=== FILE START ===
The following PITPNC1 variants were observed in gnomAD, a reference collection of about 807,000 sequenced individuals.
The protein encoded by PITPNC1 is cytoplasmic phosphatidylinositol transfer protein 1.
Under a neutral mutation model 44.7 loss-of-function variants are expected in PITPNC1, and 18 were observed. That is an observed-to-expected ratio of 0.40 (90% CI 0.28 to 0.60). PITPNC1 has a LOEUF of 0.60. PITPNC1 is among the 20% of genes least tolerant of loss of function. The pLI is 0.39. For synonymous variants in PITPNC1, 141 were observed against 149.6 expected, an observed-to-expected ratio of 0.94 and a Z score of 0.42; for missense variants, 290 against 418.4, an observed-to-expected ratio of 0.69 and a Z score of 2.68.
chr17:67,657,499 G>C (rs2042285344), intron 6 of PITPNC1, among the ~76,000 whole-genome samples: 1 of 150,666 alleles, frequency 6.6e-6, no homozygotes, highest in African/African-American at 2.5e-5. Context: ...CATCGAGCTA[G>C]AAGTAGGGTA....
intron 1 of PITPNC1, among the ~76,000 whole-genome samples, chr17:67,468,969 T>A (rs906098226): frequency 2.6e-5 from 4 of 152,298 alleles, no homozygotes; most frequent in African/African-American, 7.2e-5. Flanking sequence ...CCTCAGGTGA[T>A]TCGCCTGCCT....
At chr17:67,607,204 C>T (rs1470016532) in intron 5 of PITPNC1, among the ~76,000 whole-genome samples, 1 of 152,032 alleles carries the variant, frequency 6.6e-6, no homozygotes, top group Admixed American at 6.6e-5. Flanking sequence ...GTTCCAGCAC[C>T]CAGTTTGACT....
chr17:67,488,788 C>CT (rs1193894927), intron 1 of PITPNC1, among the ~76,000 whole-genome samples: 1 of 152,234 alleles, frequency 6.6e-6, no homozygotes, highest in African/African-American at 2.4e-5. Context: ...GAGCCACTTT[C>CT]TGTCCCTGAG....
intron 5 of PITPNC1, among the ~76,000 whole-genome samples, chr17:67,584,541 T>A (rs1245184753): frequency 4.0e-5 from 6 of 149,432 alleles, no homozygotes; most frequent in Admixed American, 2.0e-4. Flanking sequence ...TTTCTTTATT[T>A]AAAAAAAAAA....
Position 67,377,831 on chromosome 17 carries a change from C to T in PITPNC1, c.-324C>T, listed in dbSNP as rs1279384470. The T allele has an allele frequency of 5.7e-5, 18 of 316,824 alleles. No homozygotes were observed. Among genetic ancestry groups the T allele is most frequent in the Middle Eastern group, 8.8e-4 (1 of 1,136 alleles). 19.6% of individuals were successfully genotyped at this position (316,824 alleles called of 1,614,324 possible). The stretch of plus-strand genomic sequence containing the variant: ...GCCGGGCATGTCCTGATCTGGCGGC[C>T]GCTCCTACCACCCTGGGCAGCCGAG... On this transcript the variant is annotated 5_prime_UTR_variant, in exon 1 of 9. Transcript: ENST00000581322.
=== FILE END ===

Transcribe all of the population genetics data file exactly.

The following PITPNC1 variants were observed in gnomAD, a reference collection of about 807,000 sequenced individuals.
The protein encoded by PITPNC1 is cytoplasmic phosphatidylinositol transfer protein 1.
Under a neutral mutation model 44.7 loss-of-function variants are expected in PITPNC1, and 18 were observed. That is an observed-to-expected ratio of 0.40 (90% CI 0.28 to 0.60). PITPNC1 has a LOEUF of 0.60. PITPNC1 is among the 20% of genes least tolerant of loss of function. The pLI is 0.39. For synonymous variants in PITPNC1, 141 were observed against 149.6 expected, an observed-to-expected ratio of 0.94 and a Z score of 0.42; for missense variants, 290 against 418.4, an observed-to-expected ratio of 0.69 and a Z score of 2.68.
chr17:67,657,499 G>C (rs2042285344), intron 6 of PITPNC1, among the ~76,000 whole-genome samples: 1 of 150,666 alleles, frequency 6.6e-6, no homozygotes, highest in African/African-American at 2.5e-5. Context: ...CATCGAGCTA[G>C]AAGTAGGGTA....
intron 1 of PITPNC1, among the ~76,000 whole-genome samples, chr17:67,468,969 T>A (rs906098226): frequency 2.6e-5 from 4 of 152,298 alleles, no homozygotes; most frequent in African/African-American, 7.2e-5. Flanking sequence ...CCTCAGGTGA[T>A]TCGCCTGCCT....
At chr17:67,607,204 C>T (rs1470016532) in intron 5 of PITPNC1, among the ~76,000 whole-genome samples, 1 of 152,032 alleles carries the variant, frequency 6.6e-6, no homozygotes, top group Admixed American at 6.6e-5. Flanking sequence ...GTTCCAGCAC[C>T]CAGTTTGACT....
chr17:67,488,788 C>CT (rs1193894927), intron 1 of PITPNC1, among the ~76,000 whole-genome samples: 1 of 152,234 alleles, frequency 6.6e-6, no homozygotes, highest in African/African-American at 2.4e-5. Context: ...GAGCCACTTT[C>CT]TGTCCCTGAG....
intron 5 of PITPNC1, among the ~76,000 whole-genome samples, chr17:67,584,541 T>A (rs1245184753): frequency 4.0e-5 from 6 of 149,432 alleles, no homozygotes; most frequent in Admixed American, 2.0e-4. Flanking sequence ...TTTCTTTATT[T>A]AAAAAAAAAA....
Position 67,377,831 on chromosome 17 carries a change from C to T in PITPNC1, c.-324C>T, listed in dbSNP as rs1279384470. The T allele has an allele frequency of 5.7e-5, 18 of 316,824 alleles. No homozygotes were observed. Among genetic ancestry groups the T allele is most frequent in the Middle Eastern group, 8.8e-4 (1 of 1,136 alleles). 19.6% of individuals were successfully genotyped at this position (316,824 alleles called of 1,614,324 possible). The stretch of plus-strand genomic sequence containing the variant: ...GCCGGGCATGTCCTGATCTGGCGGC[C>T]GCTCCTACCACCCTGGGCAGCCGAG... On this transcript the variant is annotated 5_prime_UTR_variant, in exon 1 of 9. Transcript: ENST00000581322.